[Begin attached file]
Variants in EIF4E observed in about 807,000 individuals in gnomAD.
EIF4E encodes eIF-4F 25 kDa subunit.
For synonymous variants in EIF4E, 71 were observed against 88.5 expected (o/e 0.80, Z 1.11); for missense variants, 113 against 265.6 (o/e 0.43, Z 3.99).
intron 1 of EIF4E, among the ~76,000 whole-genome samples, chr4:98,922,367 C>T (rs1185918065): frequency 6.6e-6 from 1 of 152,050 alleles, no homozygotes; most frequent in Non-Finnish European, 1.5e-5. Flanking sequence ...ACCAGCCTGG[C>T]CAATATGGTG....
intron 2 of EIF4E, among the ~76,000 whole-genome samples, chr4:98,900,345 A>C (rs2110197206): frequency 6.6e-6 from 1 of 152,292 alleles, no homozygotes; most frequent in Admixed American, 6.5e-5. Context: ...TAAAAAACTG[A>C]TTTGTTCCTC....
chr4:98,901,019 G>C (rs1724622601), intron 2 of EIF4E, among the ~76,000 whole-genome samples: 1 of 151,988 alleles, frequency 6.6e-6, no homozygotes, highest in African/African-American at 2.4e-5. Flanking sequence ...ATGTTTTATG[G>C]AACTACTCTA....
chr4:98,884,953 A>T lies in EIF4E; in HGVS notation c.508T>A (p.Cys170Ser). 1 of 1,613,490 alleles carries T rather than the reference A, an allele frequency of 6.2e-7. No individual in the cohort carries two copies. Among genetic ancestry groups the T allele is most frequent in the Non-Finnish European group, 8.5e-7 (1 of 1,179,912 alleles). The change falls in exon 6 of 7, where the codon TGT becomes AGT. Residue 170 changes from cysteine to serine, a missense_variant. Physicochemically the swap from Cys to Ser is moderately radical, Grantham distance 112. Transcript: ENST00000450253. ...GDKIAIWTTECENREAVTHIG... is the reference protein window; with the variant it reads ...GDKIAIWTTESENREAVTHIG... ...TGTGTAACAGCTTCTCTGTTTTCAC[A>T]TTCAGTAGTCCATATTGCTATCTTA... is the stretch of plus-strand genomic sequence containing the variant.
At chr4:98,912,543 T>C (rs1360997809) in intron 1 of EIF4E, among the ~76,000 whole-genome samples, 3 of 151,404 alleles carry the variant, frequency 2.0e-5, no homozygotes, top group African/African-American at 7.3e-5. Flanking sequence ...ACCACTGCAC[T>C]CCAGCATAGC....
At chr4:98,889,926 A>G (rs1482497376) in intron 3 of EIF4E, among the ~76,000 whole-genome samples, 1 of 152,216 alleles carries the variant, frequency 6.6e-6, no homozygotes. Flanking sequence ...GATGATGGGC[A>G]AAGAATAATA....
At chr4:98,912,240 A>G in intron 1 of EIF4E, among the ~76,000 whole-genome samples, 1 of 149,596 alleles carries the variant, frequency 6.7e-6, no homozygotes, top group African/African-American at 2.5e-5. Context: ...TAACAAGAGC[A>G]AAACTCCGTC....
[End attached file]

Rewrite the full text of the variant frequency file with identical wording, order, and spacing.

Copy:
Variants in EIF4E observed in about 807,000 individuals in gnomAD.
EIF4E encodes eIF-4F 25 kDa subunit.
For synonymous variants in EIF4E, 71 were observed against 88.5 expected (o/e 0.80, Z 1.11); for missense variants, 113 against 265.6 (o/e 0.43, Z 3.99).
intron 1 of EIF4E, among the ~76,000 whole-genome samples, chr4:98,922,367 C>T (rs1185918065): frequency 6.6e-6 from 1 of 152,050 alleles, no homozygotes; most frequent in Non-Finnish European, 1.5e-5. Flanking sequence ...ACCAGCCTGG[C>T]CAATATGGTG....
intron 2 of EIF4E, among the ~76,000 whole-genome samples, chr4:98,900,345 A>C (rs2110197206): frequency 6.6e-6 from 1 of 152,292 alleles, no homozygotes; most frequent in Admixed American, 6.5e-5. Context: ...TAAAAAACTG[A>C]TTTGTTCCTC....
chr4:98,901,019 G>C (rs1724622601), intron 2 of EIF4E, among the ~76,000 whole-genome samples: 1 of 151,988 alleles, frequency 6.6e-6, no homozygotes, highest in African/African-American at 2.4e-5. Flanking sequence ...ATGTTTTATG[G>C]AACTACTCTA....
chr4:98,884,953 A>T lies in EIF4E; in HGVS notation c.508T>A (p.Cys170Ser). 1 of 1,613,490 alleles carries T rather than the reference A, an allele frequency of 6.2e-7. No individual in the cohort carries two copies. Among genetic ancestry groups the T allele is most frequent in the Non-Finnish European group, 8.5e-7 (1 of 1,179,912 alleles). The change falls in exon 6 of 7, where the codon TGT becomes AGT. Residue 170 changes from cysteine to serine, a missense_variant. Physicochemically the swap from Cys to Ser is moderately radical, Grantham distance 112. Transcript: ENST00000450253. ...GDKIAIWTTECENREAVTHIG... is the reference protein window; with the variant it reads ...GDKIAIWTTESENREAVTHIG... ...TGTGTAACAGCTTCTCTGTTTTCAC[A>T]TTCAGTAGTCCATATTGCTATCTTA... is the stretch of plus-strand genomic sequence containing the variant.
At chr4:98,912,543 T>C (rs1360997809) in intron 1 of EIF4E, among the ~76,000 whole-genome samples, 3 of 151,404 alleles carry the variant, frequency 2.0e-5, no homozygotes, top group African/African-American at 7.3e-5. Flanking sequence ...ACCACTGCAC[T>C]CCAGCATAGC....
At chr4:98,889,926 A>G (rs1482497376) in intron 3 of EIF4E, among the ~76,000 whole-genome samples, 1 of 152,216 alleles carries the variant, frequency 6.6e-6, no homozygotes. Flanking sequence ...GATGATGGGC[A>G]AAGAATAATA....
At chr4:98,912,240 A>G in intron 1 of EIF4E, among the ~76,000 whole-genome samples, 1 of 149,596 alleles carries the variant, frequency 6.7e-6, no homozygotes, top group African/African-American at 2.5e-5. Context: ...TAACAAGAGC[A>G]AAACTCCGTC....